More particularly, it relates to a fuel injection pump which has a drive shaft extending into an inner chamber and connected by a front face coupling with a front cam plate which sets a pump plunger into a reciprocating and rotating movement with the cam plate running on rollers of a roller ring, and a rotational angle sensor is provided in the pump. Such a fuel injection pump is known from the DE-OS 33 36 871, in which the fixed sensor part is directly and firmly fixed to the roller ring and lies radially opposite the sensor wheel on the drive shaft. For purposes of centering, the fixed sensor part can be displaced and re-fixed in the circumferential direction on the roller ring. This solution has the disadvantage that there is play between the roller ring bearing and the fuel injection pump housing, allowing movement of the roller ring in its radial plain, when forces act upon it when cams of the cam plate ride up on the rollers. Due to the fact that the roller ring is adjustable via the injection timing bolt, the bolt represents a one-sided bearing point for the roller ring, so that when it is loaded by forces in its circumferential direction, the roller ring carries out tipping movements around the bolt fulcrum. Moreover, the bolt fulcrum itself also has play, and the bolt itself can give to a certain extent, via the injection timing gear, when loaded by forces at right angles to the length of the bolt. On loading of the roller ring, its fulcrum additionally performs a movement in the circumferential direction. Where the stationary sensor part is fixed on the roller ring, it performs this movement in unison with the roller ring. For reasons of space and accommodation, the stationary sensor is usually arranged diametrically opposite the fulcrum point of the bolt. In this region, the movement components of the roller ring are greatest during its movement around the bolt. This then results in unintentional or erroneous measurements due to the fact that the stationary sensor part actually moves in a circumferential direction around the sensor wheel, and this causes incorrect timing of the fuel injection commencement. Depending on operating conditions, this error accumulates, either positively or negatively, causing the measuring result and the resultant injection commencement timing to be affected with an uncontrolled error. If the logging of the revolutionary speed, which is required for the volume calculation, lies within the relevant range, then this angle error has the effect of an error in the revolutionary speed, in turn making the volume calculation wrong.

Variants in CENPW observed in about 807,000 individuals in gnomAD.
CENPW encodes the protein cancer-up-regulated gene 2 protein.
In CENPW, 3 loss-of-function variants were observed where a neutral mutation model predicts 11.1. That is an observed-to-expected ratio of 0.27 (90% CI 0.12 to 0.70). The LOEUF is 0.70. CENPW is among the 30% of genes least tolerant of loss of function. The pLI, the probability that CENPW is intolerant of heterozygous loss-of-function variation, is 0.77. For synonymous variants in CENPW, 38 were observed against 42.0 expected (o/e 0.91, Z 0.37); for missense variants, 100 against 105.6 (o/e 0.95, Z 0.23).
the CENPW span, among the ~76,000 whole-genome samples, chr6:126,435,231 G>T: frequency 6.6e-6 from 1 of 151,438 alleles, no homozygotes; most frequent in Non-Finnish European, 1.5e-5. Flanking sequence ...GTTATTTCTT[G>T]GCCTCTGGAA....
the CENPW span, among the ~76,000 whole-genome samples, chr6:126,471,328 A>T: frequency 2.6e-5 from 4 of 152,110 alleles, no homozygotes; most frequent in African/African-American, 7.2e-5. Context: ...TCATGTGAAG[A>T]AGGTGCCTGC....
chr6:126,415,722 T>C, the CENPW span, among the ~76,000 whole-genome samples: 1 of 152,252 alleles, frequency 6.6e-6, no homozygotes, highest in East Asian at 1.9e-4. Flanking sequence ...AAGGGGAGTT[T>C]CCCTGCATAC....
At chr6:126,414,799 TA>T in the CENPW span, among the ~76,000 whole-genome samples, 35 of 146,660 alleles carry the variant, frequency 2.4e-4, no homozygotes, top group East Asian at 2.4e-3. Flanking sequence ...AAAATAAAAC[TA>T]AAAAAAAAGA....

Accordingly, it is an object of the present invention to provide a fuel injection pump of the above mentioned type, which avoids the disadvantage of the prior art.
In keeping with these objects and with others which will become apparent hereinafter, one feature of the present invention resides, briefly stated, in a fuel injection pump in which, axially adjacent to the sensor wheel on the drive shaft, a support ring is pivoted and has a part axially overlapping the sensor wheel, on which part the stationary part of the sensor is arranged, and the support ring is coupled with the roller ring via a coupling part which engages in a recess of the roller ring.
When the fuel injection pump is designed in accordance with the present invention, it has the advantage, that assisted by the support ring, the movement of the roller ring due to reactive forces of the cam drive can be cancelled out in terms of measuring techniques, or at the very least can be rendered largely ineffective.
In accordance with another embodiment of the present invention, the coupling part is arranged in the region between the bolt which engages on the roller ring and which lies opposite the stationary sensor part. Such a design provides for an advantageous arrangement of the coupling part for the coupling of the support ring with the roller ring. It is still another feature of the present invention that the coupling part has a movement path which is determined by the radial guide faces of the recess. With such a construction the roller ring's own movements can be virtually eliminated altogether with regard to the measuring position of the stationary sensor part, due to the reactive forces coming from the cam drive.